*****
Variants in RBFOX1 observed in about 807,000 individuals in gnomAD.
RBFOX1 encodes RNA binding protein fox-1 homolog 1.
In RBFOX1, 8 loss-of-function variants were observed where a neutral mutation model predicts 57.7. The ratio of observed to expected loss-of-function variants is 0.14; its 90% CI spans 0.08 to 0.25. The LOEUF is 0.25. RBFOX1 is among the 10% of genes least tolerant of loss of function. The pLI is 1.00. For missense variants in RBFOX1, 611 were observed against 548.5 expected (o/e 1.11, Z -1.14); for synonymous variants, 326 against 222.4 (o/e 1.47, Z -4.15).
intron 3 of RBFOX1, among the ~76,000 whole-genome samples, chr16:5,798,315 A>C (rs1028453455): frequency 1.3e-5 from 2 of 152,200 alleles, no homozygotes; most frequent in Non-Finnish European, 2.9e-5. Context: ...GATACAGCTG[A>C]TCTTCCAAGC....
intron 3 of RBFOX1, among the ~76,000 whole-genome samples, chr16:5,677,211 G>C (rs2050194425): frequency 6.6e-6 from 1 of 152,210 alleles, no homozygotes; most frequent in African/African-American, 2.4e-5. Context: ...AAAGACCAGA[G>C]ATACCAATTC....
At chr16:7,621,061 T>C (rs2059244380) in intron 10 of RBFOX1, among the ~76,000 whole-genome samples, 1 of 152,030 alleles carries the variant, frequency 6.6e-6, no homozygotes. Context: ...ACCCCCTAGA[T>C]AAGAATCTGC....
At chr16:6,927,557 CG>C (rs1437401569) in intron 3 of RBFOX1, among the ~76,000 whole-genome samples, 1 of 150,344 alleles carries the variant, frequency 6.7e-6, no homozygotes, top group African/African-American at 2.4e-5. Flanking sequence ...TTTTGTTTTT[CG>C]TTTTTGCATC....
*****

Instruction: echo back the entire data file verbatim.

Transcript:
Variants in RBFOX1 observed in about 807,000 individuals in gnomAD.
RBFOX1 encodes RNA binding protein fox-1 homolog 1.
In RBFOX1, 8 loss-of-function variants were observed where a neutral mutation model predicts 57.7. The ratio of observed to expected loss-of-function variants is 0.14; its 90% CI spans 0.08 to 0.25. The LOEUF is 0.25. RBFOX1 is among the 10% of genes least tolerant of loss of function. The pLI is 1.00. For missense variants in RBFOX1, 611 were observed against 548.5 expected (o/e 1.11, Z -1.14); for synonymous variants, 326 against 222.4 (o/e 1.47, Z -4.15).
intron 3 of RBFOX1, among the ~76,000 whole-genome samples, chr16:5,798,315 A>C (rs1028453455): frequency 1.3e-5 from 2 of 152,200 alleles, no homozygotes; most frequent in Non-Finnish European, 2.9e-5. Context: ...GATACAGCTG[A>C]TCTTCCAAGC....
intron 3 of RBFOX1, among the ~76,000 whole-genome samples, chr16:5,677,211 G>C (rs2050194425): frequency 6.6e-6 from 1 of 152,210 alleles, no homozygotes; most frequent in African/African-American, 2.4e-5. Context: ...AAAGACCAGA[G>C]ATACCAATTC....
At chr16:7,621,061 T>C (rs2059244380) in intron 10 of RBFOX1, among the ~76,000 whole-genome samples, 1 of 152,030 alleles carries the variant, frequency 6.6e-6, no homozygotes. Context: ...ACCCCCTAGA[T>C]AAGAATCTGC....
At chr16:6,927,557 CG>C (rs1437401569) in intron 3 of RBFOX1, among the ~76,000 whole-genome samples, 1 of 150,344 alleles carries the variant, frequency 6.7e-6, no homozygotes, top group African/African-American at 2.4e-5. Flanking sequence ...TTTTGTTTTT[CG>C]TTTTTGCATC....